Demer’s Ridge

We hiked Demer’s Ridge to Glacier View Mountain on my birthday. Hoping for a scenic summit view to celebrate, I feared I may be out of luck with some persistent, late-June snow still lingering at higher elevations. However, with its entirely sun-exposed ascent from the southeast, Demer’s Ridge provided an opportunity for some stunning views of Glacier National Park on a completely clear trail.

Demer’s Ridge Trail (#266) begins just off North Fork Road, near the junction with Camas Road. Coming from the South (Columbia Falls), there’s a small pull-off area for parking on the right side of North Fork, just beyond this junction. The trailhead is just across the street from the parking area, marked by a small wooden signpost.

The trail is short and steep, climbing nearly all 2,760 feet in the first 2.5 miles en route to the summit of Glacier View Mountain (6,097’). The first half of the trail winds to the top of a ridge in a series of sharp, narrow switchbacks. From the moment we stepped foot on the trail, we were enveloped by sweeping views of the North Fork Flathead River and mountains of Glacier National Park.

For the duration of the ascent, we found ourselves peeking through the charred remains of the once-forested hillside, which was part of more than 70,000 acres that burned in the area’s 2001 Moose Fire. While the ridge is now nearly completely devoid of trees, ground-hugging vegetation and colorful wildflowers saturate the landscape.

We even ran into a surprisingly chummy dusky grouse. As we heard some rustling in the bushes, my mind went straight to grizzly bear (completely unreasonable if you’d seen the size of the modest shrub). Luckily, out popped the curious bird, who was more than happy to pose for a few pictures and investigate us inquisitively as we continued up the trail.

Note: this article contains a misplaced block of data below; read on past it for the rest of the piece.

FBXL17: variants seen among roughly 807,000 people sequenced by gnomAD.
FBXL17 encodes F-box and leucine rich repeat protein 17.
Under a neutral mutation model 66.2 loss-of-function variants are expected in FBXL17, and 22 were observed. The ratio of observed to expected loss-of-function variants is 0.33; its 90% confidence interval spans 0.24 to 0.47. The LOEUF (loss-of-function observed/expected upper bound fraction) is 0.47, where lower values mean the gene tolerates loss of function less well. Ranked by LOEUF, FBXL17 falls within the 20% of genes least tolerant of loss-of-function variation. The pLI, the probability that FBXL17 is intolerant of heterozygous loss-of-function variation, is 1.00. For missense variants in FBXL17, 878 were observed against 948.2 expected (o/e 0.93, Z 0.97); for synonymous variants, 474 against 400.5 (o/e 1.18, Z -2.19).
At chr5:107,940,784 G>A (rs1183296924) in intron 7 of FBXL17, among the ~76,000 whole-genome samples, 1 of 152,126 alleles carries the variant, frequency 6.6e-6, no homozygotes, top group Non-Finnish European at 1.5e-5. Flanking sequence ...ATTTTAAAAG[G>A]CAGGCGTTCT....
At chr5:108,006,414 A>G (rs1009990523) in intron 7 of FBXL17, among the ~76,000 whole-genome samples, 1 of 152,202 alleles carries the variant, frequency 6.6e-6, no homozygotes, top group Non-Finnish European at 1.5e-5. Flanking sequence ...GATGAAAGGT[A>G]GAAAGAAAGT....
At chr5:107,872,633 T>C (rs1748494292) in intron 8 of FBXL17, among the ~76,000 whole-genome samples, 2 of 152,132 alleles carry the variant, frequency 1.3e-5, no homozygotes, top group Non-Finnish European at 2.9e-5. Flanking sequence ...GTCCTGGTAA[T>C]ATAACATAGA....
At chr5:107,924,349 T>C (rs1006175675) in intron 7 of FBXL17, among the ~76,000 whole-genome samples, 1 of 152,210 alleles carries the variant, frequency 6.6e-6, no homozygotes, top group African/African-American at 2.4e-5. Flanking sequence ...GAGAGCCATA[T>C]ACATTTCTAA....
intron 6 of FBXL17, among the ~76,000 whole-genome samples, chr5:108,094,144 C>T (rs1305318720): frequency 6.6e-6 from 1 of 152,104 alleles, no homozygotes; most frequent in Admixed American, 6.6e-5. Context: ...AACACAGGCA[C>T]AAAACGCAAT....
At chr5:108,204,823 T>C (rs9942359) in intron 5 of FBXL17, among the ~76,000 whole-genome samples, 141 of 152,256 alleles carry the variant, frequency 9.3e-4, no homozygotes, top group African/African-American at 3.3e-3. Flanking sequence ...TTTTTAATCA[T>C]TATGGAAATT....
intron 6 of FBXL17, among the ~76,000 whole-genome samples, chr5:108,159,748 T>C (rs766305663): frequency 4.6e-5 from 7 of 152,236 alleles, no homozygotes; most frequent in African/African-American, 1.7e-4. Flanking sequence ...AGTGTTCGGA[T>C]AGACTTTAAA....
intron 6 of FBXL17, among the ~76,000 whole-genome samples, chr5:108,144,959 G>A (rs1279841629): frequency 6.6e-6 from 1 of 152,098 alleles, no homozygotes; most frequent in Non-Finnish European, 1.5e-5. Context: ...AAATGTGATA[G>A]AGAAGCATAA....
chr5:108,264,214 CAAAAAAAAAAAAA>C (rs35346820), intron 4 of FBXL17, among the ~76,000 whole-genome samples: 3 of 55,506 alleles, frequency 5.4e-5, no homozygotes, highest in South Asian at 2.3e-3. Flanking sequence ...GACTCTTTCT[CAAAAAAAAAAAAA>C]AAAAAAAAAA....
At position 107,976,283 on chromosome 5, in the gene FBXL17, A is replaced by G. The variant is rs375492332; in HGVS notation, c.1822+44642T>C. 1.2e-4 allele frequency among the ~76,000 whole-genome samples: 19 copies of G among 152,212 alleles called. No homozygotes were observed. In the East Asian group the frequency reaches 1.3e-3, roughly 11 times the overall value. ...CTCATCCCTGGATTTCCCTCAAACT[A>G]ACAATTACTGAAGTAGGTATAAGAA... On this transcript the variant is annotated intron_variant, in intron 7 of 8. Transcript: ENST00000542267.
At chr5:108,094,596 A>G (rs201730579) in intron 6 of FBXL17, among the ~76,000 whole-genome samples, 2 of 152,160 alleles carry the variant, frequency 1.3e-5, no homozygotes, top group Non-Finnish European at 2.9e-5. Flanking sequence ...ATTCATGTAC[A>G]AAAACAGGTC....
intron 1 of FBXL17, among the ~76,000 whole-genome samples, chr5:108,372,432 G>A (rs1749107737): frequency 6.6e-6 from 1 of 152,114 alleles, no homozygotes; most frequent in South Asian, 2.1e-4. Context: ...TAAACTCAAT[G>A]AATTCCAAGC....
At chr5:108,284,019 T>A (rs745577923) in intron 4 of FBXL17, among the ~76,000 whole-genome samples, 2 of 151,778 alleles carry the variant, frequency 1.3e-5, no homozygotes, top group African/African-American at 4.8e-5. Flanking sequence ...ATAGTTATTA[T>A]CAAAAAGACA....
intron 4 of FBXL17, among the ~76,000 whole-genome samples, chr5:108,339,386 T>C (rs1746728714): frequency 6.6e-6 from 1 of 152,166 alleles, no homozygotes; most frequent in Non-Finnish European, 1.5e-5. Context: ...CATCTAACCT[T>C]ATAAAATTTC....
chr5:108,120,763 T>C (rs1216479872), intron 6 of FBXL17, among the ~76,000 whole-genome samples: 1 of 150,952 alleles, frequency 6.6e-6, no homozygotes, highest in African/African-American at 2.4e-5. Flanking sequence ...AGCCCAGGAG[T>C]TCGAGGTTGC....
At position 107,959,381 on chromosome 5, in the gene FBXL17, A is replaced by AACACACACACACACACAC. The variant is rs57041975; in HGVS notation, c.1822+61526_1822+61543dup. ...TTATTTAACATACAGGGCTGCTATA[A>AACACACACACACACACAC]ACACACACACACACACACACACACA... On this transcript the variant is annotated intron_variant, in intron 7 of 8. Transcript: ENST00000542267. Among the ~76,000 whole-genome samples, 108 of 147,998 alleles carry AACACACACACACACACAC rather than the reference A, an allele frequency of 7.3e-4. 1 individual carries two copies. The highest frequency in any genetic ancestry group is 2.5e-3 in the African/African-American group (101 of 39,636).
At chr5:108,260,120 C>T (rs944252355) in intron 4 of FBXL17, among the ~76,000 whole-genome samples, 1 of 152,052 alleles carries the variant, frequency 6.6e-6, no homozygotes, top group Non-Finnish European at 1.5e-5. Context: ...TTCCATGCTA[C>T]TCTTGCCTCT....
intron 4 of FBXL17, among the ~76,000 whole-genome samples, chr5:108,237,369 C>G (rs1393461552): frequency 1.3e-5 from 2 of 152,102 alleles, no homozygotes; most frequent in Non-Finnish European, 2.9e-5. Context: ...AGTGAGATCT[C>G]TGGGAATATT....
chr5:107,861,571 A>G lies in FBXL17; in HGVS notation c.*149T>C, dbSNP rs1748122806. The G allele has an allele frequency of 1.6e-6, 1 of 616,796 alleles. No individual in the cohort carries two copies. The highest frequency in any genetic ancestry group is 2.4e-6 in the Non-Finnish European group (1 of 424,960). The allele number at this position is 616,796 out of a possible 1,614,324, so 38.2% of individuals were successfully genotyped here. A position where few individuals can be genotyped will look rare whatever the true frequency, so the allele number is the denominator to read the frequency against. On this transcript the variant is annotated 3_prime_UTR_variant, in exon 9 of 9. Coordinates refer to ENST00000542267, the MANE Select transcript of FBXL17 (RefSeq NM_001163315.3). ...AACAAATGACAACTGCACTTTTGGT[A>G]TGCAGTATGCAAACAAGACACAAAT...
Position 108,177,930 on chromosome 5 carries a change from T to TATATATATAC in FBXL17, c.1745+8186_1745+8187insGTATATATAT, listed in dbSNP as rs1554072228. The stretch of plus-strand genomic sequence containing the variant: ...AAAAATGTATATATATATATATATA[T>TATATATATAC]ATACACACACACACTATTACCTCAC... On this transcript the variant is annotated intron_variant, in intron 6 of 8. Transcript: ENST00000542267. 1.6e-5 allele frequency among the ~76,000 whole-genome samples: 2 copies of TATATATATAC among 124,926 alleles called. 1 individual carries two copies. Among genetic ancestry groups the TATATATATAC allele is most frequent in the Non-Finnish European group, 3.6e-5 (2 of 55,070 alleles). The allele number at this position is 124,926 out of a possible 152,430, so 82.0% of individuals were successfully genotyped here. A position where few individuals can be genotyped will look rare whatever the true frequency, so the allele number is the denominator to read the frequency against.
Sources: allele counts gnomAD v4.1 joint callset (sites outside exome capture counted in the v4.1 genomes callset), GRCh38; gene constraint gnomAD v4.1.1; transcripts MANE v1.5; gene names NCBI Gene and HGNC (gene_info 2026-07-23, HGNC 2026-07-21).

The upper portions of the trail are similarly steep, though the switchbacks gradually disappear as the path takes a more direct climb to the top. While our calves were burning as we neared the top of the ridge, Sanchez was continually running out the slack on her 20-foot lead. As we neared what we thought was the top, we discovered there are a couple of ‘false summits’ before reaching Glacier View Mountain’s highpoint, which is conclusively marked by a couple of unmistakable cairns. From here, the views looking out over the western boundary of Glacier NP are just stunning.

After enjoying a lunch in the welcome breeze that had picked up near the top, we headed back down the ridge, fully satisfied with what the short hike had to offer.

Total distance: 5.0 miles
Elevation gain: 2,760 feet


(1) Carry more water than you think you’ll need, especially if you’re hiking in the summer months. There is not a speck of shade the entire hike, and the direct sun can be brutally intense. It was 82F the day we hiked, and we drank more water than we typically do on a hike that’s twice as long. If you’re hiking with a dog, make sure you also have enough water for your fuzzy friend. Sanchez drank about three times as much as she usually does on the trail. Also, be sure to pay close attention to how well your dog is handling the heat overall. While Sanchez did fine, we could tell she needed a few more breaks than she would have on a shaded, forested trail. If a hot, sunny day is in the forecast, start early, wear a hat, and carry twice as much water as you think you’ll need.

(2) Hiking poles are super helpful for the descent. The ridge is steep and there is some fairly slick, loose scree in spots.

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